Gracias Family Foundation gives $3 million to help drive a cure for heart disease

The Gracias Family Foundation has committed $3 million to new early-stage nanomedicine research led by the University of Chicago’s Pritzker School of Molecular Engineering aimed at reducing atherosclerosis, the inflammation of the arteries that can lead to heart attack, at the cellular level.

“The Gracias Family Foundation and Antonio Gracias have shown tremendous leadership on this critically important health issue that affects all Americans,” Paul Alivisatos, president of the University of Chicago, said. “The investment by the Gracias Foundation will support the research and teaching activity of UChicago faculty who are driving toward a cure.”

The leading cause of death in the United States across gender, racial and ethnic groups, heart disease is now attributed to 1 in every 5 deaths, according to the Centers for Disease Control and Prevention.

“Like many Americans, my family also has been touched by heart disease,” Antonio Gracias, JD’98, of Valor Equity Partners and Trustee of the University of Chicago said. “The Gracias Family Foundation is happy to invest in early-stage science that seeks a cure for the number one killer of Americans. I am pleased to be able to help the University of Chicago, my alma mater, work toward solving some of society’s biggest challenges.”

Gracias founded Valor Equity Partners in 1995. He has more than 25 years of experience in private equity investing and was a Director of Tesla from 2007 to 2021. During his tenure, he served as Lead Independent Director for eight years, and helped take Tesla public. He is a Director of several Valor portfolio companies, including Space Exploration Technologies.  Gracias joined the University of Chicago Board of Trustees in 2021 and is a member of the Pritzker School of Molecular Engineering Advisory Council.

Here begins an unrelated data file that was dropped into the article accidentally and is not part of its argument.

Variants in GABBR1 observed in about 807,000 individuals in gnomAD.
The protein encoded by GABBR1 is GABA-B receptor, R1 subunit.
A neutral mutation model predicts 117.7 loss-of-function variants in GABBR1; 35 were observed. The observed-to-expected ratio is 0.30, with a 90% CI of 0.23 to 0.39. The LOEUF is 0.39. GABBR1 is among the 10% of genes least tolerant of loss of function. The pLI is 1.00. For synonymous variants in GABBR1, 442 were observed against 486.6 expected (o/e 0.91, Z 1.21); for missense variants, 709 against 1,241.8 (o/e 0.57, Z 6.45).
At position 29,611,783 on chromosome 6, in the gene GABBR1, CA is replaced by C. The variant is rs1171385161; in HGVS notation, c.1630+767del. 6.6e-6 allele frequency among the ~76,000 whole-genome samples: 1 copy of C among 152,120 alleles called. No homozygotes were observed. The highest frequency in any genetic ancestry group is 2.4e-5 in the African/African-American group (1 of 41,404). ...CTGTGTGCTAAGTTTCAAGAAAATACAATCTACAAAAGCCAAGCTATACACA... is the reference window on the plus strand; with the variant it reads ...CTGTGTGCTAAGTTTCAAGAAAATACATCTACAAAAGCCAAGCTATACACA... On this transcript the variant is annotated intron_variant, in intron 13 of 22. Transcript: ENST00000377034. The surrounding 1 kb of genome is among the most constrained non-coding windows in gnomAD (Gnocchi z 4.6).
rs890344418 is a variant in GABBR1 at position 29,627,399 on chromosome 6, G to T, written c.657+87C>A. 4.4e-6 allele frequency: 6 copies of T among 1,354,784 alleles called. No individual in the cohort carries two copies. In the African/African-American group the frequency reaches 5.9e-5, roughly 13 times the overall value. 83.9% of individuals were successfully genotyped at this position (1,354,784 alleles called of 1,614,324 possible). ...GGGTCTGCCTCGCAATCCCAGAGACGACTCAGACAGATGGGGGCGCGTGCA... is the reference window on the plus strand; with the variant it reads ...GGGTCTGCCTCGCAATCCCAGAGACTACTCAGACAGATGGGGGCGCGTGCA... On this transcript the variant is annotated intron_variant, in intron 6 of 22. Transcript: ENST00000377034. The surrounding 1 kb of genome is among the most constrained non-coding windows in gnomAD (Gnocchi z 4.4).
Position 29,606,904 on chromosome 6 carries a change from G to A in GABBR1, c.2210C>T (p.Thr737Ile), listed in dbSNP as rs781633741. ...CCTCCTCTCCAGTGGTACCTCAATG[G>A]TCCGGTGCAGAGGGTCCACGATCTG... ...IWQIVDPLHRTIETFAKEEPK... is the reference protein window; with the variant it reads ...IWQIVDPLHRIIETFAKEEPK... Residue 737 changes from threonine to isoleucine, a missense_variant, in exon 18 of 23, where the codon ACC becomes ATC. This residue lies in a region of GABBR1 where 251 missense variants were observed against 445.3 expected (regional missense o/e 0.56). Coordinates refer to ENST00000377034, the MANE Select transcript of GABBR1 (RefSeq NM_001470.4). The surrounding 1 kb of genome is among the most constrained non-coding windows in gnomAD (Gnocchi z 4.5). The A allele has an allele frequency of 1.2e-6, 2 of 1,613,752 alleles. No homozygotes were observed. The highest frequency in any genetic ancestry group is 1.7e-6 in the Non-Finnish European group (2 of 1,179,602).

The research on heart disease, a collaboration between Matthew Tirrell, professor and dean of the Pritzker School of Molecular Engineering, and Yun Fang, professor of medicine in the Biological Sciences Division, could ultimately lead to better treatments for humans who suffer from complications of vascular disease. Vascular diseases such as atherosclerosis can lead to serious complications, like heart attack or stroke. But many treatments for these diseases target systemic risk factors, such as reducing blood pressure and cholesterol, rather than addressing the damaged blood vessels themselves.

Tirrell and Fang have developed a targeted nanomedicine treatment to deliver an inhibitor directly to inflamed blood vessel cells caused by atherosclerosis. The nanoparticle uses a peptide to target the vascular cell and delivers the inhibitor directly to the damaged cells, reducing inflammation, which has seen early success in the laboratory. More research is needed to lead the discovery forward, which is now being conducted collaboratively with PME Professor Jeffrey Hubbell, along with Tirrell and Fang.

“We are immensely grateful to Antonio and the Gracias Family Foundation for this generous and impactful gift,” Tirrell said. “If we are successful, this treatment could provide an important tool to help combat heart disease.”